Interview with Christophe De Pelsemaker

1.When did you realise you wanted to be a designer?

At the age of 16/17, we had some moments during school which were devoted to talk about our interests and what we would like to study after we got out of school at the age of 17/18. Like many students, I didn’t had an interest in anything specific so I looked at what I enjoyed in my life as how it was at that time. It lead me to a football simulation game which I played. More specifically, it lead me to the creation of team badges which I did back than, just because I liked creating these team badges.

After doing some research, I found to my own surprise that graphic design was actually a thing. From that moment on I knew that I wanted to become a designer and I therefore signed up to study graphic design at Sint-Lukas Brussels.

2. How did you get started and what was the biggest hurdle you overcame?

After graduating, it took me more or less a year before I got some payed projects. At that time, I was looking for a position in an agency but that didn’t work out. Strangely enough, the only opportunities that crossed my path were those as a freelance designer. I decided to first do an internship for a month at an agency, after that I decided to become a freelancer and work started to come in.

The biggest hurdle I had for several years was the idea that things I didn’t had seemed to be more interesting than what I had at that time. I liked the freedom that comes wih being a freelancer, but constantly looking for clients isn’t something I enjoyed. I decided to stay a freelancer, but to work as an in-house freelancer on a full-time basis. Two years later, I decided to go solo again for a year and afterwards to work as an employee for 1 year for a chocolate company. Now, I’m a freelancer once again and I’m pretty confident to say that it will probably remain like that.

My career path may seem more chaotic than it actually was. By having these experiences, it really helped me to see and understand that being a freelancer is the right thing for me. I will certainly have more moments in my life when I doubt about if I choose the right path to follow, but now I know that perseverance is my best friend.

3. What’s been your most successful way of getting clients?

At a certain moment in time, people started to contact me automatically. I honestly had no idea what happened or how that was possible, but I must have been doing something right. What definitely helped me was a company I joined that outsources freelance designers to their clients. This gave me the opportunity to work for many clients that are active in different industries.

Another way that helpes me is simply reaching out to people. Starting to get to know them, what they do, who they are,… All of that without the intention of selling them something. Just having a genuine interest in what people do and having normal conversations with them is the awy to go. It’s pure logic, it’s how people are. Never force things and start to build a relationship with someone.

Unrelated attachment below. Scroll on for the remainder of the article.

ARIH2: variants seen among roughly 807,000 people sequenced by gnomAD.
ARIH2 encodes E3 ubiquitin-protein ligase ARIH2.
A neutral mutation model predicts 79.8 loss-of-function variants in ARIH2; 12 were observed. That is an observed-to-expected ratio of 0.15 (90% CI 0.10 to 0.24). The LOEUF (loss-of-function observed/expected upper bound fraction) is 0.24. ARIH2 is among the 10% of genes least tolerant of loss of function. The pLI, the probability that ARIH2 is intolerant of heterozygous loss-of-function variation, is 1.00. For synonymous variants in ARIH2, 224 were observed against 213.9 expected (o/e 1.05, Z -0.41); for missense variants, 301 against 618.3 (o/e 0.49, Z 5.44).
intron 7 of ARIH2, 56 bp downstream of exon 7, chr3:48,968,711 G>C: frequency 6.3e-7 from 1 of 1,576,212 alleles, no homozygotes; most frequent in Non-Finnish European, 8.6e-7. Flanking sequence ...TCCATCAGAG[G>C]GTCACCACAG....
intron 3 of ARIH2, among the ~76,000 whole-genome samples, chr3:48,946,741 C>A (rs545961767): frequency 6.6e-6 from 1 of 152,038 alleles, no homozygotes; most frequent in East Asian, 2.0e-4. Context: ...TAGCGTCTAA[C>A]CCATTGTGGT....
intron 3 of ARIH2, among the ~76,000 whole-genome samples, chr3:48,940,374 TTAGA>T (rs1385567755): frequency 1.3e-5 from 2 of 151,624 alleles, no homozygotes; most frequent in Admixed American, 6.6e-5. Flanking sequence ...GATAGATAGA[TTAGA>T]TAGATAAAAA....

Ask them how they are, what they’re working on. They will ask you the same and at some moment in time, it might lead to a partnership.

4. How do you get clients to stay with you and use you for more work?

Doing good work, building a relationship and understanding what your client needs or what could improve their business. Many clients think they need something, but if you dig deeper it becomes clear that they might need more or different elements to really make a change for their business.

It’s part of our job to help our clients with this, so basically it comes down to do great work and building an honest an true relationship.

5. Do you ever have issues with clients paying late? How do you manage that?

I had some trouble in the past with a client who didn’t pay. It was a long term relationship and after a year the payments started to come a month or two months late, every single time. I worked together with a company who managed all my invoices and payments etc. A part of their service was their legal division which handled issues like that. I was very lucky that I could rely on them. They did everything to get my money and in the end I got every single cent for which I worked.

It really helped me to not worry about the money too much, because I knew things were going to be alright. After multiple of these issues, I fired my client. It was the only right thing to do.

6. What does your typical work day look like?

Depending on the projects I have, I start around 9 am doing the client work. I work on it until it’s finished or until I did what I wanted to do for that day. I also run an Instagram and YouTube account where I share and talke about the books I have.

I spend some time on that as well, but not really on a daily basis. It’s a side project which lead to the publication of my first book, Letters As Symbols. For me it’s still a side project, but if I can, I spend my time to grow it steadily into something bigger.

7. Any piece of advice/wisdom that you’d like to give the readers at This Design Life?

Reach out to people (as soon as possible), it will make things so much more interesting and things will start to happen automatically.

Christophe De Pelsemaker is an independant brand designer specialized in the development of logos and brand identities. He works with local and international companies to create brands that are meaningful to their audience. His work can be found on:

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Interview published on: Aug 8, 2019

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